One thing Ao Nang didn't have much of was street food, at least during the day. With only 20 minutes left we had to settle on Subway sandwiches. We wanted to avoid fast food but sometimes it comes in handy. We had enough time to get changed and return to the lobby to be picked up in a tuk-tuk. It was a short 15 minute drive to the pier where we were greated by a boat to transfer us to Railay East.
Upon arrival you are dropped off in the ocean in about knee deep water and walk to shore. The tides in in this area change so significantly that piers are hard to build. We were fitted with rock climbing shoes, harness, and chalk bag immediately after arrival and took off to the rocks.
It was a small group made up of beginners like us, advanced climbers traveling through, and those in between. We had one other person in a group which left not much down time so we were on the wall most of the afternoon. It was a great afternoon and I think both of us found a new hobby we enjoy. There were even monkeys climbing next to us. After climbing we shared a nice crepe with our fellow groupie and took the return boat to Ao Nang.
We slept in this morning and just hung out in town. We had wonderful breakfast crepes for $3 and are sold on our new treat. Billy and I had our first Thai massages on the beach and it was wonderful. Thai massage is fully clothed and a bit like doing yoga, chiropractic work, and pilates. After the massages we chartered a boat to an island known for it low tide exploring. There were lots of people exploring the island and collecting coral and shells (we can't remember the name). After our trip there went to Railay West where sunsets are rumored to be orgasmic. There are limestone cliffs on either side and the sun sets right in the middle but we picked a not so great day. There was a large rain cloud overhead and the sun never came out from behind. We stayed for almost an hour and a half but nothing changed. Although the colors were pretty it wasn't as great as we had hoped.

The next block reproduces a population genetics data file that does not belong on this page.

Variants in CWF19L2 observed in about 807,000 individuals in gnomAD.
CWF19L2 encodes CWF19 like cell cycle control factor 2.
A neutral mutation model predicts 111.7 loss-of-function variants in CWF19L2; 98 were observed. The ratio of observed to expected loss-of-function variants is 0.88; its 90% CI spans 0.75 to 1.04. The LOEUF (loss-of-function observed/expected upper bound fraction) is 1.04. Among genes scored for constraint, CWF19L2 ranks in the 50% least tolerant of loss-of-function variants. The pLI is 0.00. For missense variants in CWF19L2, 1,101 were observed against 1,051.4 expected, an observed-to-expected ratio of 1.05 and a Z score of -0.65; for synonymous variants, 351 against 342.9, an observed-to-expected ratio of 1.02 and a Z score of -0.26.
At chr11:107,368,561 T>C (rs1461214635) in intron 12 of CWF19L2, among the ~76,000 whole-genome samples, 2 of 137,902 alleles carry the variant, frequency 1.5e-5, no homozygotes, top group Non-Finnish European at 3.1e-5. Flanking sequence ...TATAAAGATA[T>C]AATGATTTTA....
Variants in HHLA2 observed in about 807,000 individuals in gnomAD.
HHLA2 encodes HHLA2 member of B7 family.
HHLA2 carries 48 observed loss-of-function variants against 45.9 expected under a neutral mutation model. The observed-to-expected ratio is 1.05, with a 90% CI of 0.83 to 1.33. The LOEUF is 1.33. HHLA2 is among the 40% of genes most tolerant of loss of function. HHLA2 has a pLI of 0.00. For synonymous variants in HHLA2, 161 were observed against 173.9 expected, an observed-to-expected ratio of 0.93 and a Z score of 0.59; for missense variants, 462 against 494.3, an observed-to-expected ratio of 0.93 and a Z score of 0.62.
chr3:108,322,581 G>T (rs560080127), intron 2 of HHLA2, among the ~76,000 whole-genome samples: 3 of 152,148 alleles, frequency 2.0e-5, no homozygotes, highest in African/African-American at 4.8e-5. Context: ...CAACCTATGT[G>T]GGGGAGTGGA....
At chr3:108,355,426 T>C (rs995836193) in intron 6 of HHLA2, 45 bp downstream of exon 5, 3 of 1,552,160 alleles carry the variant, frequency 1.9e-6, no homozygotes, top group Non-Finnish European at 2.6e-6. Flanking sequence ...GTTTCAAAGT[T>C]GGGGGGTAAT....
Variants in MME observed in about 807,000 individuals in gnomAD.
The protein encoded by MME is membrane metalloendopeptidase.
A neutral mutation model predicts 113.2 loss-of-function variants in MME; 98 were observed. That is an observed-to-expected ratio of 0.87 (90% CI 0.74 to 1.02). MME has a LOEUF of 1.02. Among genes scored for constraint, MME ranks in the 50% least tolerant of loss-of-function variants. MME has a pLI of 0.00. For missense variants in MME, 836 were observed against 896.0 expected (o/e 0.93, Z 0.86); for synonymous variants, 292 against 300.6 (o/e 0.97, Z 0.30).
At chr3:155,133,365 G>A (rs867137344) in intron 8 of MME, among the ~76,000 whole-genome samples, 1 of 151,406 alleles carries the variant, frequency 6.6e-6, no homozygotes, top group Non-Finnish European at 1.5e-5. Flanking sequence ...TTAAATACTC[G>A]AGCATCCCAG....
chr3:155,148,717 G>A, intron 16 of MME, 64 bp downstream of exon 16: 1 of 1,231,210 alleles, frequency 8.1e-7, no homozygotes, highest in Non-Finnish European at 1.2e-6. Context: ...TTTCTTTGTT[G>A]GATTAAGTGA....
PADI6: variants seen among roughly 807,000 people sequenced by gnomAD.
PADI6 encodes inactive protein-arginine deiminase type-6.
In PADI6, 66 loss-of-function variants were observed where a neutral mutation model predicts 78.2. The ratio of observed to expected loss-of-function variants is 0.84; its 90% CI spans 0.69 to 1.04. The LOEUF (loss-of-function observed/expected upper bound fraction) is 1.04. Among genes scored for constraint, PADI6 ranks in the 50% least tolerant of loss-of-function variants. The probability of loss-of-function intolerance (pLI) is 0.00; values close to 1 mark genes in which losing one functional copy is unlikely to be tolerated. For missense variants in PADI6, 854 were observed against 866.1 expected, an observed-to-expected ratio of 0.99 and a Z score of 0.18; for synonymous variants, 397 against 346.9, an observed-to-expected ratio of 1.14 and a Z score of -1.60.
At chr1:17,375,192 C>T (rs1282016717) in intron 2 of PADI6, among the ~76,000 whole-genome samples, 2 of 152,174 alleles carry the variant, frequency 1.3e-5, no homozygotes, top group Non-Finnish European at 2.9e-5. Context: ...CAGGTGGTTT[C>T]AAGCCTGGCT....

Upon leaving the seas were really rough so we had to land farther down the beach in total darkness and feel our way to the shore. It was a 20 minute walk back to our hotel with a short stop for dinner on the street.